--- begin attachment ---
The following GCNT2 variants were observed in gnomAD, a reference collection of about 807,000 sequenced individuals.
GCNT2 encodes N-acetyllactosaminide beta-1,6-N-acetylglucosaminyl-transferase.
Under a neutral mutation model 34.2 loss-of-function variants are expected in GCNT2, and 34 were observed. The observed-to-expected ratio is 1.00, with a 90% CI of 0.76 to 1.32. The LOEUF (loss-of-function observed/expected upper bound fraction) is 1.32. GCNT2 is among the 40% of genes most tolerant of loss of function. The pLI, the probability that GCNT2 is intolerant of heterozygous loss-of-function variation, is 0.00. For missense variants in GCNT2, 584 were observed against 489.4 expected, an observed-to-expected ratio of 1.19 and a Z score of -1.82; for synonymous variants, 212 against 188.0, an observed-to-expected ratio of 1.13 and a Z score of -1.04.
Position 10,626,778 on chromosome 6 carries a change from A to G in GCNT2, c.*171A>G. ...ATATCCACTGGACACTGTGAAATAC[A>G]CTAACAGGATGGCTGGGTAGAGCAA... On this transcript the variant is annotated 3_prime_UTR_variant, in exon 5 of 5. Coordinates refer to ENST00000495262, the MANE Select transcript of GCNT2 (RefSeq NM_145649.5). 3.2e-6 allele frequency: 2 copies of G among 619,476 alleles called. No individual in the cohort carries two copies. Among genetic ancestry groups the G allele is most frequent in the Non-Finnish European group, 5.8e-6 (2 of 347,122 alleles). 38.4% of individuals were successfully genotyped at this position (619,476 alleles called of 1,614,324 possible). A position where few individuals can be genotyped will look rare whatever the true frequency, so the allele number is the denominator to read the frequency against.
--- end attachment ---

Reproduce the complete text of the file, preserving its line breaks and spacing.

The following GCNT2 variants were observed in gnomAD, a reference collection of about 807,000 sequenced individuals.
GCNT2 encodes N-acetyllactosaminide beta-1,6-N-acetylglucosaminyl-transferase.
Under a neutral mutation model 34.2 loss-of-function variants are expected in GCNT2, and 34 were observed. The observed-to-expected ratio is 1.00, with a 90% CI of 0.76 to 1.32. The LOEUF (loss-of-function observed/expected upper bound fraction) is 1.32. GCNT2 is among the 40% of genes most tolerant of loss of function. The pLI, the probability that GCNT2 is intolerant of heterozygous loss-of-function variation, is 0.00. For missense variants in GCNT2, 584 were observed against 489.4 expected, an observed-to-expected ratio of 1.19 and a Z score of -1.82; for synonymous variants, 212 against 188.0, an observed-to-expected ratio of 1.13 and a Z score of -1.04.
Position 10,626,778 on chromosome 6 carries a change from A to G in GCNT2, c.*171A>G. ...ATATCCACTGGACACTGTGAAATAC[A>G]CTAACAGGATGGCTGGGTAGAGCAA... On this transcript the variant is annotated 3_prime_UTR_variant, in exon 5 of 5. Coordinates refer to ENST00000495262, the MANE Select transcript of GCNT2 (RefSeq NM_145649.5). 3.2e-6 allele frequency: 2 copies of G among 619,476 alleles called. No individual in the cohort carries two copies. Among genetic ancestry groups the G allele is most frequent in the Non-Finnish European group, 5.8e-6 (2 of 347,122 alleles). 38.4% of individuals were successfully genotyped at this position (619,476 alleles called of 1,614,324 possible). A position where few individuals can be genotyped will look rare whatever the true frequency, so the allele number is the denominator to read the frequency against.